External Author Name: 
Kati Haycock

This essay is authored by Kati Haycock, director of Education Trust, and presents an overview of the themes she will discuss on May 10 at her an address in Columbus. The event, which is open to the public, is sponsored by KidsOhio.org. To register, click here.  

Every year countless children enter America’s schools lacking the knowledge and skills we expect of them. Sometimes it’s poverty that’s to blame. Other times, there is a language barrier or family problem. Regardless of the reason, however, the fact remains that they’re behind.

If we were to organize our K-12 educational system to attack early on the gap between those who enter school prepared, and those not prepared, we could lift these children up. Yet we’ve done the opposite. Instead of giving those children lacking fundamental skills more of what they need to improve, we give them less

How does that happen? Sometimes policymakers' decisions affecting the education of poor and minority children are to blame. For example, policies that send fewer state and local dollars to schools serving advantaged children than to those serving concentrations of poor children. 

But other times, it’s the decisions made by educators and school boards—especially in Ohio, where spending on high- and low-poverty schools is more equitable, and where high-minority-population schools receive a little more per student than low-poverty schools—that can be most influential. These include choices about what to expect of whom, what to teach to whom, and perhaps the most damaging choice of all, the choice of who teaches which children. 

Poor choices by educators and school boards are simply devastating. Kids who arrive a little behind leave a lot behind. Indeed, by the end of high school, black and Latino students in this nation, on average, are achieving at about the same levels as white students at the end of middle school.

The good news here is that we’re finally beginning to get a handle on these problems. In urban school districts across the country, we’re ratcheting up expectations for low-income and minority students, putting all students in more rigorous curricula, and at least beginning to provide incentives for strong teachers to teach the students who need them most.

The city of Columbus is a good example of this. Because the district has decent choices for its low-income students, achievement there is rising faster than in the state as a whole. And achievement gaps are narrowing. Since 2000, for example, fourth-grade math performance in Columbus has grown at an average of 4.6 points per year, compared with 3.3 in Ohio more generally; at the sixth-grade level, Columbus students grew 2.9 points a year, compared with 1.6 in the state as a whole. In reading, the gains among Columbus fourth-graders were a bit below the state as a whole (3.5 points versus 3.7 points per year), but the gains for sixth-graders were larger (4.5 versus 3.3 points). Moreover, while both black and white students improved, the gaps between the two declined in both subjects and at both grade levels.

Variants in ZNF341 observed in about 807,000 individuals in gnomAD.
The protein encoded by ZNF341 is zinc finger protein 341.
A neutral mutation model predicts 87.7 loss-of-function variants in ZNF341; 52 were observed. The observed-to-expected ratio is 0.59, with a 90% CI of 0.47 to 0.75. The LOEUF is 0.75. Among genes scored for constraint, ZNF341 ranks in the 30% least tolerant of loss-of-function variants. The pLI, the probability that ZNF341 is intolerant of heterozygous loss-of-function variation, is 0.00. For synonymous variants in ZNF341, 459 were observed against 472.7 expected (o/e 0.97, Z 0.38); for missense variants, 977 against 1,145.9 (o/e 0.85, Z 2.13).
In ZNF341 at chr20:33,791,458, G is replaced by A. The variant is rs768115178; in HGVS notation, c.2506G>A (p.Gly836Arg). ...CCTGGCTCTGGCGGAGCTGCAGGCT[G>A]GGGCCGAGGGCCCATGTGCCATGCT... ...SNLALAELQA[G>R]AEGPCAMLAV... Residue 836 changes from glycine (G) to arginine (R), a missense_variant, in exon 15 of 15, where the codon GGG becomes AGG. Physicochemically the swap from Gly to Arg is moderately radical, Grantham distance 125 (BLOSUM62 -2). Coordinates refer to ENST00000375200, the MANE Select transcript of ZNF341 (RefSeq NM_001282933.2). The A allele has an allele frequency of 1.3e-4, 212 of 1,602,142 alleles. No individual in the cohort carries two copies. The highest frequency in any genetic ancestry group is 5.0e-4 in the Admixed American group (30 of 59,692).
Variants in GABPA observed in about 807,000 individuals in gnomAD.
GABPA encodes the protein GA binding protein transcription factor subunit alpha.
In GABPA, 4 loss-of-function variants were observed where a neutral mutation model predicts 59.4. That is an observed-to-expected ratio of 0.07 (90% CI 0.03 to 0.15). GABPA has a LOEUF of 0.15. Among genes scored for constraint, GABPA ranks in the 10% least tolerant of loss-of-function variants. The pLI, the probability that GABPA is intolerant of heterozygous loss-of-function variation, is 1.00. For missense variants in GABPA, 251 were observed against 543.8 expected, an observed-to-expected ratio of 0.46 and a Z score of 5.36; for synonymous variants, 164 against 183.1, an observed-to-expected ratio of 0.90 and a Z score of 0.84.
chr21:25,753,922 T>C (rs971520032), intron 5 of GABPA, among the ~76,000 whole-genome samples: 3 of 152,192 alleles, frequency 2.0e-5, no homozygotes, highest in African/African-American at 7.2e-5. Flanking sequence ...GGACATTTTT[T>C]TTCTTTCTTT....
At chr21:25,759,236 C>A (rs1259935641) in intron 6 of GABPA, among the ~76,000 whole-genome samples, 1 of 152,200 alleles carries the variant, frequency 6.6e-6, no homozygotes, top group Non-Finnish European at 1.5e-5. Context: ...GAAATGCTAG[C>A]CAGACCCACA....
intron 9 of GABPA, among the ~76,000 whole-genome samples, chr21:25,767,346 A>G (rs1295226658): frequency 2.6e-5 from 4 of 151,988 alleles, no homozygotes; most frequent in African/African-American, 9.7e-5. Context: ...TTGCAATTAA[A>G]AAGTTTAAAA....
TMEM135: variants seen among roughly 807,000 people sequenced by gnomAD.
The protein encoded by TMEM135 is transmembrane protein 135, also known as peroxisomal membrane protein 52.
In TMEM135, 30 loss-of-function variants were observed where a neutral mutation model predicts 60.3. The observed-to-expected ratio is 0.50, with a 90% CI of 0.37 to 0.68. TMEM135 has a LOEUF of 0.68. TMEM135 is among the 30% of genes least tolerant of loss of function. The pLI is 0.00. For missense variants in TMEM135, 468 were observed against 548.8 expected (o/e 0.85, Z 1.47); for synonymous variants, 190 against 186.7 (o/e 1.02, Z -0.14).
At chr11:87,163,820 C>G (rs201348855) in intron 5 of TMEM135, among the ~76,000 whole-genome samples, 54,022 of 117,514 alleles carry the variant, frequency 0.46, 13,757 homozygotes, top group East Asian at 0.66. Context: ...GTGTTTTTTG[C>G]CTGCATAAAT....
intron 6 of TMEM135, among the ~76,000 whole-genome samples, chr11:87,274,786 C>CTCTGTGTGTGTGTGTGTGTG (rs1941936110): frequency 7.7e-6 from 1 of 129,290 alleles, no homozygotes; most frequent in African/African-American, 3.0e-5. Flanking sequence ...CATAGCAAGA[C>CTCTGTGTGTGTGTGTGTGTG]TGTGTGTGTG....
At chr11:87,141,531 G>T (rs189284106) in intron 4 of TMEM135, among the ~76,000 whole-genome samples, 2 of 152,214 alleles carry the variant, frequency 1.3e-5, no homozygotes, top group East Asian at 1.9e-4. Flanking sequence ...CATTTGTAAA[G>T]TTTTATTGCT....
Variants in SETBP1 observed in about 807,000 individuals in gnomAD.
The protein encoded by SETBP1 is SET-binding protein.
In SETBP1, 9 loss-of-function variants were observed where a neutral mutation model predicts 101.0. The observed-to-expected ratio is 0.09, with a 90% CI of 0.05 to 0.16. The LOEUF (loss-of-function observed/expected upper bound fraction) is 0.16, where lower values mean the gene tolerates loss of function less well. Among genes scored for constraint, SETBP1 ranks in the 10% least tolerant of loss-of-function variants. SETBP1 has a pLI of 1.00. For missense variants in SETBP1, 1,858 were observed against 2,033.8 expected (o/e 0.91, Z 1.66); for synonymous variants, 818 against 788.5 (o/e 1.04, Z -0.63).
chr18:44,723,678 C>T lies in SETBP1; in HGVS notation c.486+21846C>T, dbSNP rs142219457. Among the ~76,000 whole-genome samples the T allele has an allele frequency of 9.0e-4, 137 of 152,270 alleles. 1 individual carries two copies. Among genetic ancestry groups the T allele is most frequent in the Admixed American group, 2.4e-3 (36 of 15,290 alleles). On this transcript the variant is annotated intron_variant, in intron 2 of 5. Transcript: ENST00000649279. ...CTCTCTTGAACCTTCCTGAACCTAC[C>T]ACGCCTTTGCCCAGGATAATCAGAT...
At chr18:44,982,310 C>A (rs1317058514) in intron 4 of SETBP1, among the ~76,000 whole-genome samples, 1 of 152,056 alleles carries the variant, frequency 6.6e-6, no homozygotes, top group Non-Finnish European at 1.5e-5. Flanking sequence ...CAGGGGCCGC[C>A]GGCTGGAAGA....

Gains aside, no one who has examined the data can be satisfied with the rate of progress. This is especially true at the middle and high school levels, where we are losing the ground we are gaining in our elementary schools. Somehow, we have to move further, faster.

The question is how best to do that.

Our answer as an organization has been to look closely at the practices of schools and districts that are on the performance frontier to understand what they are doing differently.

How is it, for example, that University Park Campus School in Worcester, Massachusetts, which serves a student population that is overwhelmingly poor and at least half English-language learners, manages to get 100 percent of its tenth graders to pass the Massachusetts Exit Exam on the first attempt, not the twelfth? How is it that 87 percent of those students don’t just pass, but pass at an advanced or proficient level? How is it, indeed, that this school ranks number five among all Massachusetts’ high schools, far outperforming schools that serve more affluent students?

Or what about Elmont Memorial Junior-Senior High in New York, which serves a student population of about 2,100 mostly black and Latino, blows the top off of the New York State Regents Exams? How does this school, whose demographics would make those who predict these things guess that its achievement would rank in the bottom third of the state, actually rank in the top 10 percent?

When you spend time in these places, the answers are pretty clear. 

  •  They aim high for all of their students. Instead of focusing on the minimum requirements for a high school diploma, they prepare all of their students for college AND careers.
  • They put all, rather than just some, of their students in a rigorous core curriculum.
  • They deliberately arrange schedules so that students who arrive behind in reading or math receive extra instructional time. And they make sure that students who need tutoring actually get it.  
  • They create a school culture in which “acting stupid” is deemed dysfunctional, indeed, embarrassing.  
  • And they work very hard to get their strongest teachers to the students who most need them. Teacher assignment is not, in other words, a matter of seniority.  

None of these things is magic. They’re mostly common sense. But they’re not, by and large, things we have typically done in our secondary schools, especially schools serving concentrations of poor children.

The good news, though, is these young people absolutely can achieve at high levels. And they will, if we follow through on these simple lessons.

Kati Haycock is Director of the Education Trust

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